There estimated to be about 900,000 dogs in Beijing today plus many more unregistered ones and their numbers are growing at about 10% a year. After dogs began to appear in Beijing households, the government banned them from the city in 1983. The economic renaissance, however, has changed this and people's lives have changed. People used to be focused on improving their own lives, but their outlook has changed and dog ownership helps relieve stress. Some believe the one-child policy has increased enthusiasm for dog ownership as a way to provide companionship to only children and also to fill empty nests in homes when the child has grown up. The Beijing city government relaxed the no dog policy in 1994 to 'severely restrict' dogs, but in 2003, the law was changed again to allow anyone to own a dog. However, city dogs are limited to dogs no more than 35 centimetres (14 inches) in height. Now there is a dog park in Beijing and a formal proposal has been submitted to the National People's Congress to ban the eating of dogs. This has still has to come into law, but it has passed two rounds of public comment, which bodes well for the future. (From International Herald Tribune 26/10/10).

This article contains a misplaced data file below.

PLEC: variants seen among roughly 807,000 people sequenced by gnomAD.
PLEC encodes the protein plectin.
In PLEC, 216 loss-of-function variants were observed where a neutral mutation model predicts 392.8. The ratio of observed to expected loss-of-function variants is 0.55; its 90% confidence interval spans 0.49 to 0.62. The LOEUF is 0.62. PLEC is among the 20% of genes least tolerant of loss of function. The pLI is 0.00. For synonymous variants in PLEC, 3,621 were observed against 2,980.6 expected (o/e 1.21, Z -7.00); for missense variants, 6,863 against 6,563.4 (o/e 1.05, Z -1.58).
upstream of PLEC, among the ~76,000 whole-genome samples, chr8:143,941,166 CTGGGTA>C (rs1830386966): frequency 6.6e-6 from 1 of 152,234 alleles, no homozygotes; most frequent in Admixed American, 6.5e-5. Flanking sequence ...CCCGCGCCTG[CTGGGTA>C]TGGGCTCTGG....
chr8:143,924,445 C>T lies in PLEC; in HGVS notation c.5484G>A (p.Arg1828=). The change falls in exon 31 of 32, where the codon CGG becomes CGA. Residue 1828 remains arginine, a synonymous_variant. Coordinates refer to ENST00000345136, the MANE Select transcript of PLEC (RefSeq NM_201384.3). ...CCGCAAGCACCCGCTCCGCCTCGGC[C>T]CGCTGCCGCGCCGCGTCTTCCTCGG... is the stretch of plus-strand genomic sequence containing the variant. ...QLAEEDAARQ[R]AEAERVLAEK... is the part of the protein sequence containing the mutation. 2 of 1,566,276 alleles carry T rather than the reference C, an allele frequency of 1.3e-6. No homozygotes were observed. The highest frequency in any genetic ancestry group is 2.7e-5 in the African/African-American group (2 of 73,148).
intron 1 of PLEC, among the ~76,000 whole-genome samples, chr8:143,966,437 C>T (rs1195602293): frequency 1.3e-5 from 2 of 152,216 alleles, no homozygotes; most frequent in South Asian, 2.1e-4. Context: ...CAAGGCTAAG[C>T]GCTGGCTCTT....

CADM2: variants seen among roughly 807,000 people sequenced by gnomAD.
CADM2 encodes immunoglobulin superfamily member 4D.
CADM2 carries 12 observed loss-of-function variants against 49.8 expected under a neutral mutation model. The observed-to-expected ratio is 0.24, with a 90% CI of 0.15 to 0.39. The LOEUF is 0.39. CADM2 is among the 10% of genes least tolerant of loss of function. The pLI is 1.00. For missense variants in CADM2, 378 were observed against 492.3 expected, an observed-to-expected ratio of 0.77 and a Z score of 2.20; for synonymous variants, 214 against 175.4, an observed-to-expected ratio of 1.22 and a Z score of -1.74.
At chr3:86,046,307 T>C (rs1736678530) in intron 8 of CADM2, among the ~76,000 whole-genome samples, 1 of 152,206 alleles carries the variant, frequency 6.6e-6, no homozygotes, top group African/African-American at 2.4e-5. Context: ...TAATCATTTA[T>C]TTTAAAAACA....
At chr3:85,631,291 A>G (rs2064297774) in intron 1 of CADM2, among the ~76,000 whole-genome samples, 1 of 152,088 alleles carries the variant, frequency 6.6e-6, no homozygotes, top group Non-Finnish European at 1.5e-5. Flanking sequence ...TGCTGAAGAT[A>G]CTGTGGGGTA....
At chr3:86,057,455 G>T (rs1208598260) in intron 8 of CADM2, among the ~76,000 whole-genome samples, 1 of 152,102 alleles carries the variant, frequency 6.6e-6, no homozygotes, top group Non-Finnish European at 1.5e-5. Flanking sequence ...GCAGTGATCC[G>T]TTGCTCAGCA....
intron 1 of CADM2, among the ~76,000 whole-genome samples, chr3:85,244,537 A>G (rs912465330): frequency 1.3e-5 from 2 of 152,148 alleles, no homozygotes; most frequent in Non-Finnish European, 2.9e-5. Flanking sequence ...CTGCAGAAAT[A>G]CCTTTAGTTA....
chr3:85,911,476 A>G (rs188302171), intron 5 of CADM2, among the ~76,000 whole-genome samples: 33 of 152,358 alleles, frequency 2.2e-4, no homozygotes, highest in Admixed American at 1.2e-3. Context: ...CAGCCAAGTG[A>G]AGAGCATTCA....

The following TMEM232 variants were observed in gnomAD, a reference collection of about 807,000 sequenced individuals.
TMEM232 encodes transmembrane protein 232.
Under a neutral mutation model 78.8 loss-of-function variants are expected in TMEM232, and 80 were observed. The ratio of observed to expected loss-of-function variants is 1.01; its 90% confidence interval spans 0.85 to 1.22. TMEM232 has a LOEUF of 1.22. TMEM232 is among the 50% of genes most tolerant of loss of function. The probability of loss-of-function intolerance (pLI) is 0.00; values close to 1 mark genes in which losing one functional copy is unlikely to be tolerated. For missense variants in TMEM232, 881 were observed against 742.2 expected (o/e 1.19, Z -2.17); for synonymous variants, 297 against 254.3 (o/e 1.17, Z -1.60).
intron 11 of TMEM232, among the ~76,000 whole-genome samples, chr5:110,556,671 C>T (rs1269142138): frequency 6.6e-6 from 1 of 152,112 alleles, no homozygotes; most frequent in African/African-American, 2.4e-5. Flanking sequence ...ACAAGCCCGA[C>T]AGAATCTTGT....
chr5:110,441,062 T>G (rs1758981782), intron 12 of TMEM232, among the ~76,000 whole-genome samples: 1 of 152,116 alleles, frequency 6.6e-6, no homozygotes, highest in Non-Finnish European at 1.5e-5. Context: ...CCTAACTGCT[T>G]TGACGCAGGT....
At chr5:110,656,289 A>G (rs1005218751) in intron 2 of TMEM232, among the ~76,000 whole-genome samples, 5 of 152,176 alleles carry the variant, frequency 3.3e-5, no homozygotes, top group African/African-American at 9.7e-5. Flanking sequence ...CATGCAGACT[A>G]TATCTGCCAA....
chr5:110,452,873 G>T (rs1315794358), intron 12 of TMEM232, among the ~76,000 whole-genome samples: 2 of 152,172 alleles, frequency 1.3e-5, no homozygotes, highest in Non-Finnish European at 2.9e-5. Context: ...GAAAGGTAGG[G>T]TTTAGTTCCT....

Although the luxury goods business in the West may be out of fashion, it is booming in China and the rich are becoming even more discriminating than ever. They are demanding luxury goods specially made for them. For example, the French luxury giant, Hermes, has recently opened a boutique in Shanghai for its new Chinese brand, Shang Xai. There are Ming-style chairs, eggshell porcelain bowls and jewellery inspired by unusual Chinese collectable baubles, such as teapots.
For top brands the progress in China has been surprisingly slow, partly because China is still a relatively poor country with a high savings rate, but also because many big brands have simply dumped their existing products on the Chinese market, with little thought to tailoring their wares to the local population apart from changing the language on the packaging. However, consumer spending in China has risen by 15% a year over the last two years and most analysts predict that growth will continue as a new generation of indulged only children - used to spending rather than saving - reaches maturity. There is believed to be big money to be made in health and wellness products but with a Chinese essence, specifically for the Chinese market. (From Newsweek 18/10/10)